On to the question at hand! I'm going to start at the most basic level -- is jealousy, in. and of itself, unhealthy? I think it's not. Rather, I think it can be a useful part of one's emotional ecosystem. The way I'm thinking about it is not unlike how a century ago we thought wolves were bad because they killed game animals and we liked game animals, but in time we came to understand and value the role of the wolf. Something that seems bad and scary can actually have its place.

To continue the analogy, obviously we don't want uncontrolled wolves roaming our streets and eating our babies, we want to keep them in their proper place, in the wild, and will trap and re-release them if they wander too far. Similarly, we don't want jealousy -- or any of our feelings, really, but especially not a dangerous one like jealousy -- to be uncontrolled.

We need to manage our feelings and work with them, but in and of themselves they are neither bad nor good, they are merely neutral -- it's how much prominence we give them, how much intensity, how we let them affect us and manifest in our actions that matters. Does that make sense?

So, what useful role could jealousy possibly play? I think it can actually play a very useful role in letting us know when we may be being mistreated, when our emotional needs are not being met, and when we may be losing a relationship, or an aspect thereof, that we would be better off keeping.

How does this model of jealousy translate to healthy or unhealthy relationships? Let's say you're monogamous (since that's the model most people start with). You may have uncontrolled jealousy. That's a problem. You could become poly without ever resolving that problem and, sadly, some people do just that, to disastrous results. Alternately, you could examine it, deconstruct it, and control and manage it. At that point your relationship will be healthier whether you stay mono or move on to become poly. If you do the latter you'll likely have *much* more success with your ventures into poly than a person who has uncontrolled jealousy, but nothing says you have to go poly.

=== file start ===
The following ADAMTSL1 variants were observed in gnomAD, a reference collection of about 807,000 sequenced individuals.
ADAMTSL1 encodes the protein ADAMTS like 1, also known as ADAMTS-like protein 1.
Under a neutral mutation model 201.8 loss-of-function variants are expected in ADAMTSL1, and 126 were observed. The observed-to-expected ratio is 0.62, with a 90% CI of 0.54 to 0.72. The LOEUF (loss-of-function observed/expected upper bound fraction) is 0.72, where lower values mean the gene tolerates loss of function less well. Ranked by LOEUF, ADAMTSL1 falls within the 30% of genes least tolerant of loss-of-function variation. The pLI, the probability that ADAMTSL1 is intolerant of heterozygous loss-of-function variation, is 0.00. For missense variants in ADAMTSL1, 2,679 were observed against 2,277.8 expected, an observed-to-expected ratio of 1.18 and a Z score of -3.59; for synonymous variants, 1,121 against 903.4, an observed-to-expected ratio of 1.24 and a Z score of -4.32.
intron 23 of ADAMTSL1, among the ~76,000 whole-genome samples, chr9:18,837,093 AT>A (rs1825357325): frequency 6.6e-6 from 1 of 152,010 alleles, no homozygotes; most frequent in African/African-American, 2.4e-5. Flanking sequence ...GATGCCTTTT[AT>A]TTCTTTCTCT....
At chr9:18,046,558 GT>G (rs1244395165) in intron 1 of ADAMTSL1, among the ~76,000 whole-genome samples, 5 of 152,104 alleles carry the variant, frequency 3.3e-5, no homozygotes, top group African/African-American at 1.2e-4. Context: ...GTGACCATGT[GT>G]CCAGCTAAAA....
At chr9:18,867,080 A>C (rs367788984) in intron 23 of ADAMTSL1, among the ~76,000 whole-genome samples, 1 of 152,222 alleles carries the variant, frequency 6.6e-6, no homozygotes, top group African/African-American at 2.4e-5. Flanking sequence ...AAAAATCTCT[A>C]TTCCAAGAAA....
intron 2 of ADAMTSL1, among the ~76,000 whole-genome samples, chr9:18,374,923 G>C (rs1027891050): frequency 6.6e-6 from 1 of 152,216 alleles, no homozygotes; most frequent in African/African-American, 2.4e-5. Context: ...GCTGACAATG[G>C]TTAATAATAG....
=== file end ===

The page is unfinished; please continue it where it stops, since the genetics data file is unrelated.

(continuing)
You may have managed, healthy jealousy and yet still feel like monogamy is an emotional need for you. Why? Maybe it just hurts too much to think of your partner loving someone else romantically. But wait, wouldn't that mean you have uncontrolled jealousy? No, you may be analyzing your reactions, correctly assessing your limits and place of greatest fulfillment, and responding calmly and appropriately. But you may realize that this desire for a monogamous partner, and the pain when you don't have that, is *still* a fundamental, natural, even integral part of the way you love. That doesn't make you bad! That doesn't make you wrong! That doesn't make you unevolved or unhealthy or anything like that. Not everyone can do poly and stay true to themselves. What matters, and makes you healthy or unhealthy, is how you recognize, explore, accept, and live by who and what you are and the natural shapes and limits of your feelings.

To assume that anyone who feels jealousy strongly enough that they're not suited to poly is automatically unhealthy, or hasn't examined and worked on their darker issues, is a bias, pure and simple.

Does all of that make sense? Do people agree? Am I missing something?
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  #30  
Old 11-07-2011, 09:05 PM
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Originally Posted by redpepper View Post
sorry. I wrote too fast and didn't edit. I meant to say the self work that is required when addressing a partner who wants to try out a poly relationship dynamic. Of course mono people do self work and care about that for themselves. A lot of it over laps even, just that some care more (not exclusive to monogamy either) about their careers, their hobbies or their kids etc. than dealing with the self crap that comes up around poly relationships. Does that make more sense?

The kind of self work mono people do as a result of a poly partner is often not chosen work either I might add. At least not initially.
LOL self crap!

Okay, I gotcha. Because I know before last year when I chose to embrace poly, most of my "self crap" was centered on all the skills that polys need. Time management, intimacy, communication, sexuality, inhibitions, self-esteem, assertiveness, blablabla. There areas are crucial for a well-rounded human being, no matter what type of relationship they're in. But I was not an anomaly, everyone I knew (monos) struggled with most of the same issues that poly peeps struggle with and sought more self-awareness, in whatever form or path that took for their own way of living. Obviously, polys have unique situations that demand more juggling and ... diplomacy, in a way. But we're all the same bunch of fucked-up human beings trying to heal and find our way in the world.